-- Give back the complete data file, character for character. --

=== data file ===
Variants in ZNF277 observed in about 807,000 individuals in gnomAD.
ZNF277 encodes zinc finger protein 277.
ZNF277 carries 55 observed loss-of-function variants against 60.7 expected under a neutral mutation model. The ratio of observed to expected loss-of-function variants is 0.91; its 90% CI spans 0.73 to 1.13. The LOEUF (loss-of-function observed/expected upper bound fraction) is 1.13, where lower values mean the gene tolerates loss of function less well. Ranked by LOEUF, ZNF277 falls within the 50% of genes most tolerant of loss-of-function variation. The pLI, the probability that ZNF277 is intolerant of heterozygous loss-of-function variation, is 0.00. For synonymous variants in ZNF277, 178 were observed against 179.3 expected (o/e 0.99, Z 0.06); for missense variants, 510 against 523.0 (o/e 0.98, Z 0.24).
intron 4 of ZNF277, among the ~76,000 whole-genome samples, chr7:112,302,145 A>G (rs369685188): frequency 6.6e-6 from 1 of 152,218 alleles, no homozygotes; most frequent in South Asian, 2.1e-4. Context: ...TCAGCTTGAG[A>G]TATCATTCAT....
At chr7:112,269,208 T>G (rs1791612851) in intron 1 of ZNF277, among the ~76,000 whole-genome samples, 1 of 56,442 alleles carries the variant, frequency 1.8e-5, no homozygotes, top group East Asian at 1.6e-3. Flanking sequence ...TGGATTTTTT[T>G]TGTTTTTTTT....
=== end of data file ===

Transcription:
Variants in ZNF277 observed in about 807,000 individuals in gnomAD.
ZNF277 encodes zinc finger protein 277.
ZNF277 carries 55 observed loss-of-function variants against 60.7 expected under a neutral mutation model. The ratio of observed to expected loss-of-function variants is 0.91; its 90% CI spans 0.73 to 1.13. The LOEUF (loss-of-function observed/expected upper bound fraction) is 1.13, where lower values mean the gene tolerates loss of function less well. Ranked by LOEUF, ZNF277 falls within the 50% of genes most tolerant of loss-of-function variation. The pLI, the probability that ZNF277 is intolerant of heterozygous loss-of-function variation, is 0.00. For synonymous variants in ZNF277, 178 were observed against 179.3 expected (o/e 0.99, Z 0.06); for missense variants, 510 against 523.0 (o/e 0.98, Z 0.24).
intron 4 of ZNF277, among the ~76,000 whole-genome samples, chr7:112,302,145 A>G (rs369685188): frequency 6.6e-6 from 1 of 152,218 alleles, no homozygotes; most frequent in South Asian, 2.1e-4. Context: ...TCAGCTTGAG[A>G]TATCATTCAT....
At chr7:112,269,208 T>G (rs1791612851) in intron 1 of ZNF277, among the ~76,000 whole-genome samples, 1 of 56,442 alleles carries the variant, frequency 1.8e-5, no homozygotes, top group East Asian at 1.6e-3. Flanking sequence ...TGGATTTTTT[T>G]TGTTTTTTTT....